Parametric Surfaces - All About

This document describes how parametric surfaces are implemented in OSCARS.

A parametric surface in OSCARS is represented by a python class. This class must contain the variables u and v, start and stop points ustart, ustop, vstart, vstop, and the number of points in each dimension nu, nv. Later in this notebook we develop a custom surface. First we start with surfaces in OSCARS.

In [1]:
# matplotlib plots inline
%matplotlib inline

# Import the OSCARS SR module

# Import OSCARS 3D tools (matplotlib)
from oscars.plots3d_mpl import *

# Import OSCARS parametric surfaces
from oscars.parametric_surfaces import *
OSCARS v2.1.8 - Open Source Code for Advanced Radiation Simulation
Brookhaven National Laboratory, Upton NY, USA
In [2]:
# Plot the rectangle
rectangle = PSRectangle(L=0.01, W=0.01, nu=51, nv=51)
In [3]:
# Plot the sphere
sphere = PSSphere(R=0.010, nu=51, nv=51)
In [4]:
# Plot the cylinder
cylinder = PSCylinder(R=0.010, L=0.1, nu=51, nv=51)
In [5]:
# Plot the torus
torus = PSTorus(R=0.010, r=0.005, nu=51, nv=51)

Eample - Custom Parametric Surface in OSCARS

The example that follows shows how to create a custom parametric surface. The parametric surface is created in a simple python class. OSCARS requires the class to have the following defined:

Functions: position(u, v), normal(u, v) which each return a 3-element list [x, y, z]

Integers: nu, nv

Floats: ustart, ustop, vstart, vstop

At the moment you must provide the normal. You can use the following recipe for the components of the normal:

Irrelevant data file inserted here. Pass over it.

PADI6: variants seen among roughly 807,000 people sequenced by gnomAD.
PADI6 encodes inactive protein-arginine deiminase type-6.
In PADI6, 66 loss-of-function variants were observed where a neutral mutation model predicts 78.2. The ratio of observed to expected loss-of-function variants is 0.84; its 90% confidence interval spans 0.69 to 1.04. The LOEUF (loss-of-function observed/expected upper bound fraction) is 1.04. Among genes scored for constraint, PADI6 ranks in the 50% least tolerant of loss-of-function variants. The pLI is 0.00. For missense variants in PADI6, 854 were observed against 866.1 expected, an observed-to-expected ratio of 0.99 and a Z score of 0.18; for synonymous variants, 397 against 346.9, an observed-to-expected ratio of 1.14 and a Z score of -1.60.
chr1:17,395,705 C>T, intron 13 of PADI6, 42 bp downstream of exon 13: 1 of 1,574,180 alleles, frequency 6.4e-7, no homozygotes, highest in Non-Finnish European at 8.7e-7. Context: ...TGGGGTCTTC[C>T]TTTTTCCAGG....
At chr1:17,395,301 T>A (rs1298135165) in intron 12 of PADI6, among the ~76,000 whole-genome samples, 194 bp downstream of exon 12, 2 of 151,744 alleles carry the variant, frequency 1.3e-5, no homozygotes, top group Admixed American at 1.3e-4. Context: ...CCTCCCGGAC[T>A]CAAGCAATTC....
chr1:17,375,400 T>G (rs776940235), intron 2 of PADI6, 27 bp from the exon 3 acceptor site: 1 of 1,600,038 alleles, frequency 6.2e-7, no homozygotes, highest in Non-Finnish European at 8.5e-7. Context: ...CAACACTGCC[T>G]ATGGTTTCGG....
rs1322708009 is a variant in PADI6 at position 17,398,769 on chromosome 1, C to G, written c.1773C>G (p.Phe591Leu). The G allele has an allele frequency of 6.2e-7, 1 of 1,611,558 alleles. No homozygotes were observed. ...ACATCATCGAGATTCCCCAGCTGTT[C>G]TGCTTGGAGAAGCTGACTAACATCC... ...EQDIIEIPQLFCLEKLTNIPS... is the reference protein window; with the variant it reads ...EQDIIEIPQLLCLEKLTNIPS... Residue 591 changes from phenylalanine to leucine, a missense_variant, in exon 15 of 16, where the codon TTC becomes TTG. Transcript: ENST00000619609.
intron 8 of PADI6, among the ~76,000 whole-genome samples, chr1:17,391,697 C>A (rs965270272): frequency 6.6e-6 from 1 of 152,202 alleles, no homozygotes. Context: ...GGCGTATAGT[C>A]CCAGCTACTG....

In the following, let x = x(u, v) = position(u, v)[0], and so on

$$ N_x = \frac{\partial y}{\partial u}\frac{\partial z}{\partial v} - \frac{\partial z}{\partial u}\frac{\partial y}{\partial v}\\ N_y = \frac{\partial z}{\partial u}\frac{\partial x}{\partial v} - \frac{\partial x}{\partial u}\frac{\partial z}{\partial v}\\ N_y = \frac{\partial x}{\partial u}\frac{\partial y}{\partial v} - \frac{\partial y}{\partial u}\frac{\partial x}{\partial v} $$

You need to decide if you want to invert this or not since it's not clear which is the front and back side. It is also a good idea to normalize this.

The position in this example is given by the following: $$ x = u \sin(v)\\ y = u \cos(v)\\ z = A \sin( 2 \pi u / \lambda ) $$

which gives a normal of: $$ N_x = 2 A \pi u \cos(2 \pi u / \lambda) \sin(v) / \lambda\\ N_y = 2 A \pi u \cos(2 \pi u / \lambda) \cos(v) / \lambda\\ N_z = -u $$ and in this example I did have to invert the normal vector

In [6]:
from math import sin, cos, pi, sqrt, exp
class PSWavyDisk:
    """A Parametric surface - wavy disk with a hole in the center"""

    # This shape specific parameters
    R1 = 0.001
    R2 = 0.005
    A = 0.001
    Lambda = 0.01

    # Required for all PS shapes
    # Start, stop, and number of points for the u and v parameters
    # All PSShapes must have these defined
    ustart = R1
    ustop  = R2
    vstart = 0
    vstop  = 2 * pi
    nu = 21
    nv = 21

    def __init__ (self, R1=0.001, R2=0.005, nu=21, nv=21):
        self.R1 = R1
        self.R2 = R2
        self.ustart = R1
        self.ustop  = R2 = nu
        self.vstart = 0
        self.vstop = 2.*pi
        self.nv = nv

    def position (self, u, v):
        """Return the position in 3D at this u and v"""

        x = u * sin(v)
        y = u * cos(v)
        z = self.A * sin( 2. * pi * u / self.Lambda )

        return [x, y, z]

    def normal (self, u, v):
        """Return a unit normal in 3D at this u and v position"""

        xn = -2. * self.A * pi * u * cos(2. * pi * u / self.Lambda) * sin(v) / self.Lambda
        yn = -2. * self.A * pi * u * cos(2. * pi * u / self.Lambda) * cos(v) / self.Lambda
        zn = u

        mag = sqrt(xn*xn + yn*yn + zn*zn)

        return [xn / mag, yn / mag, zn / mag]
In [7]:
# Create a parametric shape and plot it
wavydisk = PSWavyDisk(R1=0.01, R2=0.04, nu=51, nv=101)
plot_surface(wavydisk, zlim=[-0.01, 0.01])